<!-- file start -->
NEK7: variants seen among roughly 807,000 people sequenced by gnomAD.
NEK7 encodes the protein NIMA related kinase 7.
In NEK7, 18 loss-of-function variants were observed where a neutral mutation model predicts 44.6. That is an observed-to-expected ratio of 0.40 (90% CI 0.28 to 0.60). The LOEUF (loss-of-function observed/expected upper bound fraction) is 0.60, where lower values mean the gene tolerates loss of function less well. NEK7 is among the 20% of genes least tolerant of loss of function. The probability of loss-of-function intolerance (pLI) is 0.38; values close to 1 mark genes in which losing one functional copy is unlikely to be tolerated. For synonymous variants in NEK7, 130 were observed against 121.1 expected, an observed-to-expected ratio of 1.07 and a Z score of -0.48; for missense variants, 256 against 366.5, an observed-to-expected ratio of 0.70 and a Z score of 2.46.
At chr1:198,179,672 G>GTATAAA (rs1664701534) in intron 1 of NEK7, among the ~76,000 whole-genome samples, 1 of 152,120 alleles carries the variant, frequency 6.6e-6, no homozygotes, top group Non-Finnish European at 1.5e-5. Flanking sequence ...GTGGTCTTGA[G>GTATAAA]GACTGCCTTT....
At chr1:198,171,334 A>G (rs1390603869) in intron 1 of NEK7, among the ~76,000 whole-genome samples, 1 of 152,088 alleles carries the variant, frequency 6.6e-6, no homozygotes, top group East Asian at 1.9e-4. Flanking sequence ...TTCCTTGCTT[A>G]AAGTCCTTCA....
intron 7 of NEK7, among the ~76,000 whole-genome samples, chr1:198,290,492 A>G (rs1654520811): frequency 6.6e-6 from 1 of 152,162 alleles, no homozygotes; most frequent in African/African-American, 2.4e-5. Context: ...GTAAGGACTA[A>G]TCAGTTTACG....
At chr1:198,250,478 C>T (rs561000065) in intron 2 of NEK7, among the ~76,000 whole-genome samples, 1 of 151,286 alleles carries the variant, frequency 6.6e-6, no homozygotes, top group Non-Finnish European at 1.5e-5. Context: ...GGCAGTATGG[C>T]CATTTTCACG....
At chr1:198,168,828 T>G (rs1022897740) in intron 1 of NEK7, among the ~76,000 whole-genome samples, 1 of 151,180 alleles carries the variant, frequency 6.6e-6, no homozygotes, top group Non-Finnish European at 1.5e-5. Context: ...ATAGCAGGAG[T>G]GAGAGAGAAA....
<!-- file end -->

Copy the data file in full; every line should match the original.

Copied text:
NEK7: variants seen among roughly 807,000 people sequenced by gnomAD.
NEK7 encodes the protein NIMA related kinase 7.
In NEK7, 18 loss-of-function variants were observed where a neutral mutation model predicts 44.6. That is an observed-to-expected ratio of 0.40 (90% CI 0.28 to 0.60). The LOEUF (loss-of-function observed/expected upper bound fraction) is 0.60, where lower values mean the gene tolerates loss of function less well. NEK7 is among the 20% of genes least tolerant of loss of function. The probability of loss-of-function intolerance (pLI) is 0.38; values close to 1 mark genes in which losing one functional copy is unlikely to be tolerated. For synonymous variants in NEK7, 130 were observed against 121.1 expected, an observed-to-expected ratio of 1.07 and a Z score of -0.48; for missense variants, 256 against 366.5, an observed-to-expected ratio of 0.70 and a Z score of 2.46.
At chr1:198,179,672 G>GTATAAA (rs1664701534) in intron 1 of NEK7, among the ~76,000 whole-genome samples, 1 of 152,120 alleles carries the variant, frequency 6.6e-6, no homozygotes, top group Non-Finnish European at 1.5e-5. Flanking sequence ...GTGGTCTTGA[G>GTATAAA]GACTGCCTTT....
At chr1:198,171,334 A>G (rs1390603869) in intron 1 of NEK7, among the ~76,000 whole-genome samples, 1 of 152,088 alleles carries the variant, frequency 6.6e-6, no homozygotes, top group East Asian at 1.9e-4. Flanking sequence ...TTCCTTGCTT[A>G]AAGTCCTTCA....
intron 7 of NEK7, among the ~76,000 whole-genome samples, chr1:198,290,492 A>G (rs1654520811): frequency 6.6e-6 from 1 of 152,162 alleles, no homozygotes; most frequent in African/African-American, 2.4e-5. Context: ...GTAAGGACTA[A>G]TCAGTTTACG....
At chr1:198,250,478 C>T (rs561000065) in intron 2 of NEK7, among the ~76,000 whole-genome samples, 1 of 151,286 alleles carries the variant, frequency 6.6e-6, no homozygotes, top group Non-Finnish European at 1.5e-5. Context: ...GGCAGTATGG[C>T]CATTTTCACG....
At chr1:198,168,828 T>G (rs1022897740) in intron 1 of NEK7, among the ~76,000 whole-genome samples, 1 of 151,180 alleles carries the variant, frequency 6.6e-6, no homozygotes, top group Non-Finnish European at 1.5e-5. Context: ...ATAGCAGGAG[T>G]GAGAGAGAAA....